May 09, 2011

Justice Served; But Perseverance Required

Guest column submitted by U.S. Senator Mike Crapo

Justice was served with the death of Osama bin Laden.  The symbol for worldwide terror for more than ten years was killed in Pakistan by U.S. special forces, and his body was recovered and verified.  While we take comfort in his removal and the effect it has on al Qaeda, there should be no question that we must remain vigilant and aggressive in combating terrorism.

 

The shadowy terrorist network bin Laden led is only one of the global terrorist threats we face, and only one of the many terrorist extremist groups that threaten U.S. interests.   The killing of bin Laden is a victory we owe to the brave men and women in our military and intelligence community, but the al Qaeda network is a hydra that demands our continued attention.   While the death of bin Laden was a necessity precipitated by the direct ongoing threat he posed and the symbol of injustice his freedom presented, al Qaeda and his terrorist cause remain dedicated to reaping terror on Americans and our allies. 

 

The events of September 11, 2001, heightened our national awareness of terrorist threats to our nation and our democratic values.  Osama bin Laden was the face of that attack, but, in an increasingly interconnected world, we must be alert, boldly meeting this challenge on every front.  

 

We know the war on terrorism is a different kind of war, requiring a wide range of policy tools to achieve victories and prevent terror attacks on U.S. soil.  We have been committed to employing the multiple, influential tools of statecraft we have at our disposal:  economic, military and covert operations, diplomatic, educational, cultural, humanitarian and moral.  With the removal of Osama bin Laden, it is understandable we will reflect on this achievement.  However, we cannot relax, and our commitment to the War on Terror must not wane.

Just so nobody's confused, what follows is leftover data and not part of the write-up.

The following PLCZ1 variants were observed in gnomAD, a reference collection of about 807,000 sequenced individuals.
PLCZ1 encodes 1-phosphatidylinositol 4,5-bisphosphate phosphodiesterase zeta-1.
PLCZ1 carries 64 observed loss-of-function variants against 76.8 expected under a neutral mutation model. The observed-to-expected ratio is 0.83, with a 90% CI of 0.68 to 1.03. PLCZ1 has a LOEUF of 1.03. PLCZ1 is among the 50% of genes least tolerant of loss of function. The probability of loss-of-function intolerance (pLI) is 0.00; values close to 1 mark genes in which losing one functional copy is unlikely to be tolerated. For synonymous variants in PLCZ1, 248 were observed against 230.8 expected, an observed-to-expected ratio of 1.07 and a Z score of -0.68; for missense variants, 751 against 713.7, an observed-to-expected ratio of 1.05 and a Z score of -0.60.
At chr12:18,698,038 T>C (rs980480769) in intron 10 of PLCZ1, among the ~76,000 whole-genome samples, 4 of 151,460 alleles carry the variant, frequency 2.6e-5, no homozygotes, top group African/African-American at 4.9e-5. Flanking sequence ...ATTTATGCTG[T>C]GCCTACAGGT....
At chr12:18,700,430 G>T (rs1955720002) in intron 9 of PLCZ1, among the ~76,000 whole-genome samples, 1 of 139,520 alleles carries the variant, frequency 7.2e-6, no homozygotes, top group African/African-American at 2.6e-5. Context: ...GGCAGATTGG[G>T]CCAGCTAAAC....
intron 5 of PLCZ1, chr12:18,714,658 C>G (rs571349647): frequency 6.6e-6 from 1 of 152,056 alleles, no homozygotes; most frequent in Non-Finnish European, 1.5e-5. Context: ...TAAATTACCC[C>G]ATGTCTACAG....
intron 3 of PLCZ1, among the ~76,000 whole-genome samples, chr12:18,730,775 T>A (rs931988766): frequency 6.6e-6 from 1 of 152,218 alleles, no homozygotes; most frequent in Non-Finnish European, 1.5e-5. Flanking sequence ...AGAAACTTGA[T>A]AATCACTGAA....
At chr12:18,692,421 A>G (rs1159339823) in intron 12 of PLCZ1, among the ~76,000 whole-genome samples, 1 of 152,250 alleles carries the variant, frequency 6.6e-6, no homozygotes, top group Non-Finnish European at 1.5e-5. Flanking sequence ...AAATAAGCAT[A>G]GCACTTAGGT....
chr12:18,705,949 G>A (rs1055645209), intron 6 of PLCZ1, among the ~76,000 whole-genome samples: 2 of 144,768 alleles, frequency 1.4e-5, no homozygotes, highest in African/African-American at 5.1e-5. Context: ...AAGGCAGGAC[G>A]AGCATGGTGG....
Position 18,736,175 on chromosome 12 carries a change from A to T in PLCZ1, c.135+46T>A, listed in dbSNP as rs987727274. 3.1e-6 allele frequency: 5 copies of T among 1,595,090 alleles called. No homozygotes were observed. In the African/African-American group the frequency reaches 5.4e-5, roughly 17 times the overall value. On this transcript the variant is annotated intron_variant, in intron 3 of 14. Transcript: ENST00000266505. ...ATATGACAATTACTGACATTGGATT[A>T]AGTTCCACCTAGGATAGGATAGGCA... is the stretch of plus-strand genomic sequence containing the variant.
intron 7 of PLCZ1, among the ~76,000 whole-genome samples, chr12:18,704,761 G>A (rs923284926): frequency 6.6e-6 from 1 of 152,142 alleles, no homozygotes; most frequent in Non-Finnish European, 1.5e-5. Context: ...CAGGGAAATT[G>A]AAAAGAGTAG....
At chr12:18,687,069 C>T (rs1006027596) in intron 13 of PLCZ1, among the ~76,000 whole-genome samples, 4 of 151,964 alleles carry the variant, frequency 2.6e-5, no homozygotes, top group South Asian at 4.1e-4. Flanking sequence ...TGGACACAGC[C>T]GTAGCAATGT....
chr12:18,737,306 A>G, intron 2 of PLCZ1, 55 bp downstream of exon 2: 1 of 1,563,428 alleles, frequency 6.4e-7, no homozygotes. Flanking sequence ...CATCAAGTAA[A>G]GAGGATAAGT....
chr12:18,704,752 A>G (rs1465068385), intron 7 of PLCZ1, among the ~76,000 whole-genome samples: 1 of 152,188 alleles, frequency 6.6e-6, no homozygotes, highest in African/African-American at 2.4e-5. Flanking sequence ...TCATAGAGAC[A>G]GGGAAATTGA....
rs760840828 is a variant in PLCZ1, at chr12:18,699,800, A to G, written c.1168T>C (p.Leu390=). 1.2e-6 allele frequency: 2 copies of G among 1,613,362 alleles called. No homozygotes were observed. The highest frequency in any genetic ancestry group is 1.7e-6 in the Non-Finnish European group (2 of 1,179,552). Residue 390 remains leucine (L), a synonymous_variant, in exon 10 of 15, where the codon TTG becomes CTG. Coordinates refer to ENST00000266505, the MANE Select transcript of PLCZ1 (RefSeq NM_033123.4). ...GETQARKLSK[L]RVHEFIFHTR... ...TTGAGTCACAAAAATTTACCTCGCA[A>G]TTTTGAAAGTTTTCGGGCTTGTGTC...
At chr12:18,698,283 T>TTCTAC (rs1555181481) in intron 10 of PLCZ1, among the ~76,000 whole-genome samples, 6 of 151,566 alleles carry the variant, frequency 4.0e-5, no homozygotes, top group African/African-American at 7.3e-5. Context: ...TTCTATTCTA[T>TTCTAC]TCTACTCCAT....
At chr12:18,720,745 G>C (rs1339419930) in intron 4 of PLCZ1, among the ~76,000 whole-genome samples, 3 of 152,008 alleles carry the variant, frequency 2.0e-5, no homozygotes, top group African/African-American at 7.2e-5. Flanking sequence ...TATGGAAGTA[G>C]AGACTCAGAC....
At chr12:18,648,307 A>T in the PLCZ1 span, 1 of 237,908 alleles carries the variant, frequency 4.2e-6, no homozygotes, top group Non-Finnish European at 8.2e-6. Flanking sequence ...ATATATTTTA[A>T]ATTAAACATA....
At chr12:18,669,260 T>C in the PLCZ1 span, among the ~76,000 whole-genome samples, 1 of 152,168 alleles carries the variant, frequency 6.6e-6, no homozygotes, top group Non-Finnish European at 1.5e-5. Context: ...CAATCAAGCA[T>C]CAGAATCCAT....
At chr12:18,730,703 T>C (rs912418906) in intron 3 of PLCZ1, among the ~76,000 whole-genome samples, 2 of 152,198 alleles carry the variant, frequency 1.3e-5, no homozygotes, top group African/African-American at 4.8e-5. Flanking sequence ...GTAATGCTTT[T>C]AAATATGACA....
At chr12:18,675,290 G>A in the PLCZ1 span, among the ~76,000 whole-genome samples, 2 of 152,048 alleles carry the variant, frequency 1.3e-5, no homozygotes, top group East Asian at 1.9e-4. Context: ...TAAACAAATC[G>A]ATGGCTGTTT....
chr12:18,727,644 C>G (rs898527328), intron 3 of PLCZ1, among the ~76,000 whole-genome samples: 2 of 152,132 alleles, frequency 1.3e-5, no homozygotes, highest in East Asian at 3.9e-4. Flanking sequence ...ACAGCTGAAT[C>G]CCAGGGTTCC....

The principles I articulated years ago, remain relevant as we continue to combat terrorism:

  • Use all available financial tools to disrupt and seize terrorist funding;
  • Engage in intensive public diplomacy to trumpet the importance of democracy and human

rights;

  • Use our intelligence agencies effectively and continue to improve the quality of our

intelligence;

  • Use and develop technology to defend our skies, borders and citizens;
  • Work with foreign states to combat hotspots of hatred and promote tolerance;
  • Work with our allies whenever possible to meet shared security challenges;
  • Strive to keep confrontations between the terrorists and Americans far from American soil.

 

Continuing to remember and support our men and women that remain in harm's way is also important.  On May 3, 2011, the U.S. Senate unanimously passed a Senate Resolution honoring the members of the military and intelligence community who carried out the successful mission that removed Osama bin Laden and paying tribute to the men and women who have served in the War on Terror.  The heroism and perseverance of our military personnel was demonstrated by their dogged pursuit and ultimate removal of bin Laden.  Their efforts in Afghanistan and Iraq have made our nation safer from terrorism.  Although progress remains to be made in both countries, America has taken away the ability of terrorist organizations to operate with impunity.  We have also reduced the number of countries that sponsor terror.

 

Terrorism continues to be a worldwide scourge.  Threats to our national security and Americans must be met with the fullest and most assertive response.  Using the right combinations of carrot and stick, America can and will win the War on Terror.

 

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